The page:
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Dictionary of Electrical Engineering

Commonly used terms in the Electrical industry.

AC coupling
A method of connecting two circuits that allows displacement current to flow while preventing conductive currents.
Reactive impedance devices (e.g., capacitors and inductive transformers) are used to provide continuity of alternating current flow between two circuits while simultaneously blocking the flow of direct current.
active power

See real power
active power line conditioner

a device which senses disturbances on a power line and injects compensating voltages or currents to restore the line's proper waveform.

adaptive control
a control methodology in which control parameters are continuously and automatically adjusted in response to be measured/estimated process variables to achieve near-optimum system performance.
additive polarity
polarity designation of a transformer in which terminals of the same polarity on the low-and high-voltage coils are physically adjacent to each other on the transformer casing. With additive polarity, a short between two adjacent terminals results in the sum of the two coil voltages appearing between the remaining terminals. Additive polarity is generally used for transformers up to 500kVA and 34.5kV. Larger units use subtractive polarity.
See subtractive polarity
adjustable-speed drive

See variable speed drive
air capacitor

a fixed or variable capacitor in which air is the dielectric material between the capacitor's plates.

air-gap line
the line that is obtained by continuing the linear portion of the saturation curve of a synchronous machine or a DC machine. The figure shows a plot of generated voltage vs. field current at constant machine speed. Initially, an increase in field current yields a linear increase in the generated voltage, but as the iron becomes saturated, the voltage rolls off. The air-gap line gives the voltage that would be obtained without saturation.
air-gap voltage
the internal voltage of a synchronous machine that is generated by the air gap flux. Also referred to as the voltage behind leakage reactance.
ambient temperature
the temperature of the air or liquid surrounding any electrical part or device. Usually refers to the effect of such temperature in aiding or retarding removal of heat by radiation and convection from the part or device in question.
ampacity
the maximum current which can be safely carried by a conductor under specified conditions.
ampere interrupting rating
the interrupting rating of a device expressed in amps (often rms symmetrical amps).
See MVA interrupting rating
amplidyne
a special generator that acts like a DC power amplifier by using compensation coils and a short circuit across its brushes to precisely and fastly control high powers with low level control signals.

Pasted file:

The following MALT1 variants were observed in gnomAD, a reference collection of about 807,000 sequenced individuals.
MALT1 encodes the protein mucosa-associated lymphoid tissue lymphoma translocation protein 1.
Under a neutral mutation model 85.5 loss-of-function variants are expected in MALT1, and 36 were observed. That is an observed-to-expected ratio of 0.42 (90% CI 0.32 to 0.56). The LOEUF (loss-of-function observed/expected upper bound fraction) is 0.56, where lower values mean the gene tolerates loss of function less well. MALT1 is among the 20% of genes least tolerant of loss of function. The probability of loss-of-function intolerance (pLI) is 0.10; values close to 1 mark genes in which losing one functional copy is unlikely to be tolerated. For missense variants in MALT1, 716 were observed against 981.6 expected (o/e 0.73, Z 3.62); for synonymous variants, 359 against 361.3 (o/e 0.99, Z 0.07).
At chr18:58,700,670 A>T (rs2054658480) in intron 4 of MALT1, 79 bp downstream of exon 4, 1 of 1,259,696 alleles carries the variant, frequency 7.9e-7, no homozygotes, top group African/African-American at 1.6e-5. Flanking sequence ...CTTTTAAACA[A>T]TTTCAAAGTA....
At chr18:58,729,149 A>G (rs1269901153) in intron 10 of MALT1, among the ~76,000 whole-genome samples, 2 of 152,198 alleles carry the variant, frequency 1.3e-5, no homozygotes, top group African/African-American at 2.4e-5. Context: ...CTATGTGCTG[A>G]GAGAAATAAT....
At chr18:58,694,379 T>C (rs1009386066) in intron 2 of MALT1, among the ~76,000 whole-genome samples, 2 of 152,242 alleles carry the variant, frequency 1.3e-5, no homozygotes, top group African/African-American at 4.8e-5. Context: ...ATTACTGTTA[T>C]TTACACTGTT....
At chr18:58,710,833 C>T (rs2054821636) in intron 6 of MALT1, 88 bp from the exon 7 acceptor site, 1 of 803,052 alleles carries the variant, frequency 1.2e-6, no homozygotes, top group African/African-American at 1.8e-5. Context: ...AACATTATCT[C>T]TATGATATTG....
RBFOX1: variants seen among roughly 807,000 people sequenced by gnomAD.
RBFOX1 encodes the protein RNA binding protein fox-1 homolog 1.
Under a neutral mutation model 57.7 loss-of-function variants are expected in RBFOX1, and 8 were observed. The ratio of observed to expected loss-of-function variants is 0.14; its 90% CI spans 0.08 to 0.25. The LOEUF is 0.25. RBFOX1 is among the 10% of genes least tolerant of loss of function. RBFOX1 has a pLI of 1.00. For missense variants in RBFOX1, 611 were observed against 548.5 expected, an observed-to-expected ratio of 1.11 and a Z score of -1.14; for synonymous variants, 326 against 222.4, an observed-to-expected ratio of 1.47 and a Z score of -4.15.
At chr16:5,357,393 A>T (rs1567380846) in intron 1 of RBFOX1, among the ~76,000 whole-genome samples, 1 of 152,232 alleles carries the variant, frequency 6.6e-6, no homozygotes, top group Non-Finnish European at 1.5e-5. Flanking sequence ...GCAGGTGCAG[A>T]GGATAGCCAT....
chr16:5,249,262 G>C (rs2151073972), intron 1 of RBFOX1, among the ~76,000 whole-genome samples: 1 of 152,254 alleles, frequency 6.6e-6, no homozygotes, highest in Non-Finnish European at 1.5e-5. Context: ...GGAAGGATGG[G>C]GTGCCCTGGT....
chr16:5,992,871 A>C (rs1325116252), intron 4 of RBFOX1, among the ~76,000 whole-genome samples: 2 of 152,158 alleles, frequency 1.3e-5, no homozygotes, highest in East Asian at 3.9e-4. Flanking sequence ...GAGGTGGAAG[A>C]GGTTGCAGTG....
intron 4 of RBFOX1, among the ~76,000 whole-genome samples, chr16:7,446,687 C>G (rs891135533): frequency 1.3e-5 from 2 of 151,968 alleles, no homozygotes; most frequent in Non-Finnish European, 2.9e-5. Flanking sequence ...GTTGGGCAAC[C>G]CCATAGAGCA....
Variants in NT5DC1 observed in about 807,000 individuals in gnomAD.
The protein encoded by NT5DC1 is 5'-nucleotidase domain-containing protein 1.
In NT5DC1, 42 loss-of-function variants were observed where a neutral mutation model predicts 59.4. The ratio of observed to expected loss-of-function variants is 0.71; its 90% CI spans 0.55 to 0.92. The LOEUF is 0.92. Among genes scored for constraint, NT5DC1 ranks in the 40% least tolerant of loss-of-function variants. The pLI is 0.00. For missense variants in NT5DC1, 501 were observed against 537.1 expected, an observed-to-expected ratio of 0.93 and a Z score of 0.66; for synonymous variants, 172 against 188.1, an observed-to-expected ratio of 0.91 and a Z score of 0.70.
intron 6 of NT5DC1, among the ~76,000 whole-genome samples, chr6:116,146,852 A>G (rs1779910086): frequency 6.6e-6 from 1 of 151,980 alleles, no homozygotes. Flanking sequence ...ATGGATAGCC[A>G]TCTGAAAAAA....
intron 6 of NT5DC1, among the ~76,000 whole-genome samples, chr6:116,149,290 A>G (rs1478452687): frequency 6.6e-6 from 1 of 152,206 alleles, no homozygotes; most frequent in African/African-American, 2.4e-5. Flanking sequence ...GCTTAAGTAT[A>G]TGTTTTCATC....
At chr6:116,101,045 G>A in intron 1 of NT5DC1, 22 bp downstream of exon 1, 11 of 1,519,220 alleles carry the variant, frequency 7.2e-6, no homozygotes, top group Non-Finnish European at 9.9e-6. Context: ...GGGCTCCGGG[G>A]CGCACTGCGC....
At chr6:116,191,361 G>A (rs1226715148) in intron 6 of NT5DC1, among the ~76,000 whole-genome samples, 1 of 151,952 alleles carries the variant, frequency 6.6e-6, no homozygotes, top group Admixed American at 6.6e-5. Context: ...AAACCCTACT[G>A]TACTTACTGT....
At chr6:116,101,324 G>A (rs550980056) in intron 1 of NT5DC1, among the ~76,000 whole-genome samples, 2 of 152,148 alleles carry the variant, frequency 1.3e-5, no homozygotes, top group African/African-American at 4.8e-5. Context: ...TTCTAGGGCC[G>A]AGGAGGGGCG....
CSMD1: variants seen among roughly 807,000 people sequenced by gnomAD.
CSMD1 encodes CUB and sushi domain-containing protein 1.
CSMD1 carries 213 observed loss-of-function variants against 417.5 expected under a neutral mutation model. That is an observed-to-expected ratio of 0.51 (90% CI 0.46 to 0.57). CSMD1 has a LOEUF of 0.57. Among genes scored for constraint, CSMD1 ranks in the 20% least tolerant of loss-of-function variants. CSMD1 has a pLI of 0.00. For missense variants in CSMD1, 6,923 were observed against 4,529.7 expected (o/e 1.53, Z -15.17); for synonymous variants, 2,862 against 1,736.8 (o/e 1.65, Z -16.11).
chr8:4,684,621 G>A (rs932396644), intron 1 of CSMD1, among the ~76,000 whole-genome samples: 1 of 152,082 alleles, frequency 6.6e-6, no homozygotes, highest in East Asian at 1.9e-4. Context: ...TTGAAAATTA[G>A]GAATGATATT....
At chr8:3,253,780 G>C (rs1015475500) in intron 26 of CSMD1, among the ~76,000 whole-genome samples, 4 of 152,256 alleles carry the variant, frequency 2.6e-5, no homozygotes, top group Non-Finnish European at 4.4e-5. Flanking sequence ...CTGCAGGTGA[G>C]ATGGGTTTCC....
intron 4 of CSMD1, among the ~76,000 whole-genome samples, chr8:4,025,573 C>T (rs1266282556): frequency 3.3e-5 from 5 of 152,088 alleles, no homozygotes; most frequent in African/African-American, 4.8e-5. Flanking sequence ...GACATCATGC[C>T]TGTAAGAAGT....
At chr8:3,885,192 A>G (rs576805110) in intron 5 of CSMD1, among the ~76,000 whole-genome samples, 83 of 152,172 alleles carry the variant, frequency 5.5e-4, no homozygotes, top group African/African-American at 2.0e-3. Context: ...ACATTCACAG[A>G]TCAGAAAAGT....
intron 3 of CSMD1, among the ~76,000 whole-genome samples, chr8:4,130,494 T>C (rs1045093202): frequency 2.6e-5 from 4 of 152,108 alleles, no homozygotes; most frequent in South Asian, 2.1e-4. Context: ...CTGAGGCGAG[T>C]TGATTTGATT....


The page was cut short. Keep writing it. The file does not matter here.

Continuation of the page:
antiparticle
a particle having the same mass as a given fundamental particle, but whose other properties, while having the same magnitude, may be of opposite sign. Each particle has a partner called an antiparticle. For example, electrical charge in the case of the electron and positron, magnetic moment in the case of the neutron and antineutron. On collision a particle and its antiparticle may mutually annihilate with the emission of radiation. Some properties of the antiparticle will be identical in magnitude but opposite in sign to the particle it is paired with.
antipodal
symmetry created by simultaneously mirroring an object in both the X and Y axes.
aperiodic waveform
a phrase is used to describe a waveform that does not repeat itself in a uniform, periodic manner. Compare with periodic waveform.
aperture
(1) an opening to a cavity, or wave-guide, from which radiation is either received or transmitted. Typically used as antenna or a coupling element.
(2) a physical space available for beam to occupy in a device. Aperture limitations are the physical size of the vacuum chamber; a magnetic field anomaly may deflect the beam so that the full available aperture cannot be used.
aperture antenna
an antenna with a physical opening, hole, or slit.
apparent power
(1) in an AC system, the product of voltage, Eand current, I. Apparent power (or total power) is composed of two mutually independent components -- an active component (real power), and a reactive component (imaginary power). Apparent power is denoted by S, and has the unit of voltamperes.
(2) the scalar product of the voltage and current delivered to the load. It can also be expressed as the vector S = P + jQ, where P = real power and Q = reactive power.
arc fault interrupter
the mechanism that breaks the fault current arc in a power circuit breaker.